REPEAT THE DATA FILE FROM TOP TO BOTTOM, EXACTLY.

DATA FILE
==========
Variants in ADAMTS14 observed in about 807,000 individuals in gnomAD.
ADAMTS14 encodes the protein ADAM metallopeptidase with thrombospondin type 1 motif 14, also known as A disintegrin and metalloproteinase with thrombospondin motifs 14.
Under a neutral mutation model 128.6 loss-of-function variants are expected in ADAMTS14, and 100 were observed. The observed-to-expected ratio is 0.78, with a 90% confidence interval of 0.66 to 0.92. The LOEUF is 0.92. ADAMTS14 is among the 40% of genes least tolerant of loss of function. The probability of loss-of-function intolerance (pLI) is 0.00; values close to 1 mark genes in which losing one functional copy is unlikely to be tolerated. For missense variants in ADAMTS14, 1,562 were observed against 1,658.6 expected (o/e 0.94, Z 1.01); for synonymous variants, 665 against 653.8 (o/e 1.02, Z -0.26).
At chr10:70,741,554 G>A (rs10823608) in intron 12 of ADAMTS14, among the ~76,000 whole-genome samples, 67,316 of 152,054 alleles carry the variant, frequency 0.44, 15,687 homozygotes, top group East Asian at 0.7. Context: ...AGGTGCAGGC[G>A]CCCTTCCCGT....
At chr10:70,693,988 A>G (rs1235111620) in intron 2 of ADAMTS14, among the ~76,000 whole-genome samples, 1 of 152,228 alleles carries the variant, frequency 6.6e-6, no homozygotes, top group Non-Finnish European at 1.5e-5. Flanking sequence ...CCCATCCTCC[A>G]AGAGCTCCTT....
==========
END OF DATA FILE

Variants in ADAMTS14 observed in about 807,000 individuals in gnomAD.
ADAMTS14 encodes the protein ADAM metallopeptidase with thrombospondin type 1 motif 14, also known as A disintegrin and metalloproteinase with thrombospondin motifs 14.
Under a neutral mutation model 128.6 loss-of-function variants are expected in ADAMTS14, and 100 were observed. The observed-to-expected ratio is 0.78, with a 90% confidence interval of 0.66 to 0.92. The LOEUF is 0.92. ADAMTS14 is among the 40% of genes least tolerant of loss of function. The probability of loss-of-function intolerance (pLI) is 0.00; values close to 1 mark genes in which losing one functional copy is unlikely to be tolerated. For missense variants in ADAMTS14, 1,562 were observed against 1,658.6 expected (o/e 0.94, Z 1.01); for synonymous variants, 665 against 653.8 (o/e 1.02, Z -0.26).
At chr10:70,741,554 G>A (rs10823608) in intron 12 of ADAMTS14, among the ~76,000 whole-genome samples, 67,316 of 152,054 alleles carry the variant, frequency 0.44, 15,687 homozygotes, top group East Asian at 0.7. Context: ...AGGTGCAGGC[G>A]CCCTTCCCGT....
At chr10:70,693,988 A>G (rs1235111620) in intron 2 of ADAMTS14, among the ~76,000 whole-genome samples, 1 of 152,228 alleles carries the variant, frequency 6.6e-6, no homozygotes, top group Non-Finnish European at 1.5e-5. Flanking sequence ...CCCATCCTCC[A>G]AGAGCTCCTT....